Hola! Today’s post is by Becky from the brilliant blog “Not Just Depressed – A Guide to Calmer Living”. I really wanted to hear from her about living with depression AND anxiety. Most importantly though, I wanted to hear from someone who has beaten anxiety.
As I’ve mentioned in all of my early posts on this blog, so many people don’t seem to realise that anxiety CAN be eradicated from your life.
Becky is another example and proves yet again that if you make the choice to get rid of it and then take ACTION, it doesn’t need to be a part of your life. Yeah that’s right, it’s not just me saying this! Over to you Becky……..
How I Overcame Anxiety AND Depression Together
Let’s start in the middle because who knows when all this actually began! I lay on my bed due to crippling stomach ache, yet again. I became breathless as usual and waited for it to pass. The doctors said there was nothing physically wrong and I had now learnt after 2 years to endure the pain until it went, but this time it didn’t.
The breathlessness became unbearable, my heartbeat seemed irregular and I felt like I was dying. After explaining this bit to my doctor he said the stomach pains had been linked to underlying physiological trauma which is why they always said I was fine.
I tried to shout for help as I lay there shaking but couldn’t get my words out. My husband found me and I managed to tell him;
“I need an ambulance, I can’t breathe.”
He recognised that obviously I could breathe or I wouldn’t be telling him this (and had suspected I wasn’t quite myself recently) so he did probably the best thing. He phoned my mum!
He held the phone to my ear and my mum asked what was wrong. I only managed;
She asked me the question that was when I realised what was actually happening. She asked whether I was feeling poorly or sad. I burst into tears;
“I’m just not right!”
For the last few months I’d felt very drained, tired, hated my job, wanted to be alone more than usual, became easily confused, struggled with sleep, lost my appetite and often cried on my drive to and from work.
The three of us decided that I would go to my doctors and speak about this.
I was told that I had depression and that I had probably had a panic attack. Later on I was told I had depression and anxiety.
(Anxiety attacks and panic attacks are a completely different kettle of fish.) But I have had quite a few panic attacks as well as living with anxiety for a short amount of time.
So it’s all doom and gloom and then life was over for me, right?
I was very physically and mentally ill for quite a few months and it was probably the most awful time of my life apart from bereavement.
Bereavement is the worst physical pain I have ever been in and something that for me, had to be lived through not ignored or gotten rid of.
But depression and anxiety became very useful to me and I’m now even slightly grateful I had them.
Within 4 months of my mental break down I had started my blog within 6 months I had started a new job, within 7 months I debuted my first burlesque act, within 10 months I was medication free and over the withdrawal stage, I had made new friends, been to new places, attended new clubs and enjoyed events. All this whilst coping (and at times not really coping) with the physical and mental grips of anxiety and depression.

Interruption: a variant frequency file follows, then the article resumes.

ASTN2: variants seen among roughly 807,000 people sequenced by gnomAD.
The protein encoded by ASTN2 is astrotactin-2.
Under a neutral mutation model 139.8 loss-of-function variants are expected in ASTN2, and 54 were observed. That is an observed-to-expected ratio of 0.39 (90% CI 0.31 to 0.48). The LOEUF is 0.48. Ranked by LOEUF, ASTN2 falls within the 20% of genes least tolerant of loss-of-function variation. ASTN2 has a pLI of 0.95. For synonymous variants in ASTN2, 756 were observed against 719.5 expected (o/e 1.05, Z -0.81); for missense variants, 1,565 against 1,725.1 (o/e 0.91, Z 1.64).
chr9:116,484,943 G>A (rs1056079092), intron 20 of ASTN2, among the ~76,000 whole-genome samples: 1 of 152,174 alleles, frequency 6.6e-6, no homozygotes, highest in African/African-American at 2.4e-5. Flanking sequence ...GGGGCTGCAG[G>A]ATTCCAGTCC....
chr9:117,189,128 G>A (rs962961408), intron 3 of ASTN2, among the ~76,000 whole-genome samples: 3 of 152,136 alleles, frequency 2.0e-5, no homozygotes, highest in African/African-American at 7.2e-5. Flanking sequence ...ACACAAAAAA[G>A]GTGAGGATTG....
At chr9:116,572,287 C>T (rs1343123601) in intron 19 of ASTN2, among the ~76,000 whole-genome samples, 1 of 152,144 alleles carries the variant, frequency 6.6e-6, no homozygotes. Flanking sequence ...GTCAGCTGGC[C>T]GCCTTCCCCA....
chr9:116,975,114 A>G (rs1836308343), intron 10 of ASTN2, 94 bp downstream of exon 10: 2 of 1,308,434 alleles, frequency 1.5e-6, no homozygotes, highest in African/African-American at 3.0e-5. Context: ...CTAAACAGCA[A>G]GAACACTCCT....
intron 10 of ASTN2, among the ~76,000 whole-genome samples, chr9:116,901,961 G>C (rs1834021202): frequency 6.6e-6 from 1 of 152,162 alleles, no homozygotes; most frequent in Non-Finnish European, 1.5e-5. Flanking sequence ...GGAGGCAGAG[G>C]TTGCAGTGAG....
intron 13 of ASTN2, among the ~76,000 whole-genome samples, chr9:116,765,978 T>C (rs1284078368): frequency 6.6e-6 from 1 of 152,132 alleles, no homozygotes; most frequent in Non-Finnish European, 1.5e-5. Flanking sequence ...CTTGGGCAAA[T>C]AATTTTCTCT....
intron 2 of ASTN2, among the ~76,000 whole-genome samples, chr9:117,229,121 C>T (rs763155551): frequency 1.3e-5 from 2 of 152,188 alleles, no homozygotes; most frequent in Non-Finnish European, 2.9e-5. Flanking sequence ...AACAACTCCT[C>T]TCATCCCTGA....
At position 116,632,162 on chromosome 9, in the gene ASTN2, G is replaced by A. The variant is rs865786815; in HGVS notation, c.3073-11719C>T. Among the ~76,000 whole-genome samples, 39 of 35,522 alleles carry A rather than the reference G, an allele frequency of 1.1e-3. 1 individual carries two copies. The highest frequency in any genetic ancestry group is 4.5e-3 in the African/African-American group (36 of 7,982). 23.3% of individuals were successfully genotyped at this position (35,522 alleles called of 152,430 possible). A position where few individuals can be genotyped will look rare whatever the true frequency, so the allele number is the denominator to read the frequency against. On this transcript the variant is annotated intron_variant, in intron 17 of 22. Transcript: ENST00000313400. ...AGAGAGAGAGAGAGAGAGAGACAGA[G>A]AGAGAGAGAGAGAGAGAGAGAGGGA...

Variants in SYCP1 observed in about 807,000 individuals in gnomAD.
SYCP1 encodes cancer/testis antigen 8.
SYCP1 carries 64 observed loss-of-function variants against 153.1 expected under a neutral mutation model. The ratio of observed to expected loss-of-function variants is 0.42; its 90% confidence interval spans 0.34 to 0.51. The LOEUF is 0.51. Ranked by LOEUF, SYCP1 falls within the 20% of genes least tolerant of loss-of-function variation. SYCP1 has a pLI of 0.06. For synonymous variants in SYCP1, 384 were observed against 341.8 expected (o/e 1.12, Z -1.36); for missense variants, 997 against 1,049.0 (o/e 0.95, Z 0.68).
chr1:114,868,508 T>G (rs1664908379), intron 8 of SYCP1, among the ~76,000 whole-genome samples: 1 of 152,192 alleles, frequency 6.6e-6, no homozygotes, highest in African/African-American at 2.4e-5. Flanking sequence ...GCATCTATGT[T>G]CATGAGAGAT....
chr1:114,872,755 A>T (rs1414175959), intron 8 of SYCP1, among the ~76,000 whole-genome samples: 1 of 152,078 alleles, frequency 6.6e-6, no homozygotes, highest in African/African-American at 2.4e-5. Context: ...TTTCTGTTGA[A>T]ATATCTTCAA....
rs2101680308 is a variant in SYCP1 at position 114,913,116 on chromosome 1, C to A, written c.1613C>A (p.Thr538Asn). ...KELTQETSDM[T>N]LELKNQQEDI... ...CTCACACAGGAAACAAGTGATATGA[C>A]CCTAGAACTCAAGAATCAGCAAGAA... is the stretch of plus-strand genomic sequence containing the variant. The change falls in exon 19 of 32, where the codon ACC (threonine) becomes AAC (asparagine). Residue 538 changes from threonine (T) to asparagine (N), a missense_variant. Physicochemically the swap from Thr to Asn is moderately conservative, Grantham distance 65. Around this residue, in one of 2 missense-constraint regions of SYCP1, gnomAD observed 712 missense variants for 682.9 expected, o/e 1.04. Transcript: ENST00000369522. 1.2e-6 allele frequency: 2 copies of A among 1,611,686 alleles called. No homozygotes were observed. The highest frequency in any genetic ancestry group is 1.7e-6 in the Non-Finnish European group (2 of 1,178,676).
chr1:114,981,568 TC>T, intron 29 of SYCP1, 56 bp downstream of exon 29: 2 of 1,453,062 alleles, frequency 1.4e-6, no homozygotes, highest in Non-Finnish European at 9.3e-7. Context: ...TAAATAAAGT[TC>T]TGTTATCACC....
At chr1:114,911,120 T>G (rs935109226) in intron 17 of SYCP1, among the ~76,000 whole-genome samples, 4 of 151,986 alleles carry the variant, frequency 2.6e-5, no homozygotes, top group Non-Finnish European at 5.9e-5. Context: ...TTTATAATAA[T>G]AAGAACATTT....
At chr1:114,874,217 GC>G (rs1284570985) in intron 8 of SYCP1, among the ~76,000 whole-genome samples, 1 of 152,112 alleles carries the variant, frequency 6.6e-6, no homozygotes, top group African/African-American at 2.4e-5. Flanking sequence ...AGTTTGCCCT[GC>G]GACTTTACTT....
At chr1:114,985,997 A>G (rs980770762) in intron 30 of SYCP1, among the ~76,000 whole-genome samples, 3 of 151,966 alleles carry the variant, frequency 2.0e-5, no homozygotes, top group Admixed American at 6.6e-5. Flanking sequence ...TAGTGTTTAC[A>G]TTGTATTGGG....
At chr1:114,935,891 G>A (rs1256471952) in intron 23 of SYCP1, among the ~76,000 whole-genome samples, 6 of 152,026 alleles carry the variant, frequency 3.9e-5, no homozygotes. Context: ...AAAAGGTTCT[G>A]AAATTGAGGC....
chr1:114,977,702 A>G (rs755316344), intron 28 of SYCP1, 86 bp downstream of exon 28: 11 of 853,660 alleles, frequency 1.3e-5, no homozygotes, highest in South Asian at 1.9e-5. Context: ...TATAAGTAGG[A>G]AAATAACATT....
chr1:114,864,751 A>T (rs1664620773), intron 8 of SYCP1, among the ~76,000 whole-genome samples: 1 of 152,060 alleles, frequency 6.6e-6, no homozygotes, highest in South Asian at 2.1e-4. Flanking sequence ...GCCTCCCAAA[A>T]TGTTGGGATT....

It only took 2/3 months for me to be sick of the feeling, the pains, the illness, the side effects, the tablets, the ridiculous comments and decide that I was going to find a silver lining in all this and kick mental illnesses butt!
I decided I was still going to try things that felt scary, I decided that when I felt anxious to recognise whether it was for a good reason or a chemical imbalance and react to it appropriately.
I knew I didn’t want to stop being with my friends and meeting new people, I didn’t want my marriage to become a struggle, I was still me and not defined by this temporary persona.
I was going to respect my body and mind and do things to better my daily life. I wasn’t going to hope it went away, ignore it or rely on others. I was going to find positives: start a blog to help myself and others, learn about the mind and mental illness, learn more about other people and their emotional reactions and think about what I wanted from life.
It wasn’t easy but it was very doable.
Life now is a few anxious moments;
“Did I lock the door?”
“Is the cooker still on?”
“What if something bad happens?”
but this is not anxiety as a mental illness; it’s a bit of doubt and worry over things that are probable.
Panic attacks are rare.
Depression has been replaced with actual emotions.
I still have down moments but I know these are natural pessimistic thoughts or generally feeling fed up and not the onset of mental breakdown. I’m in control and although depression as an illness is not avoidable or something you have a choice over, you do have a choice what to do next.
Depression tells you you’re powerless, worthless, not liked, you’re slowly dying, you’re wrong, as well as many physical symptoms and at the same time makes you feel numbness and you don’t seem to care that any of this is happening.
Anxiety makes you feel a crippling fear and worry, sometimes paranoia and delusion.
I’m still puzzled as to how you can have both as one made me not care and one made me terrified. I do know that living with anxiety is depressing and depression gives you a reason to be scared. You can follow me through Twitter and see what my life is like now… in my opinion it’s awesome!
So find your silver lining, work on you, take care of your mind, body and spirit, figure out your passion and where happiness lies, get rid of baggage, give yourself a break, de-clutter physically as well as your schedule, build on good relationships and cut ties with bad ones, accept your flaws, love who you are, celebrate small things… just look mental illness in the eyes and tell it that you are going to own it!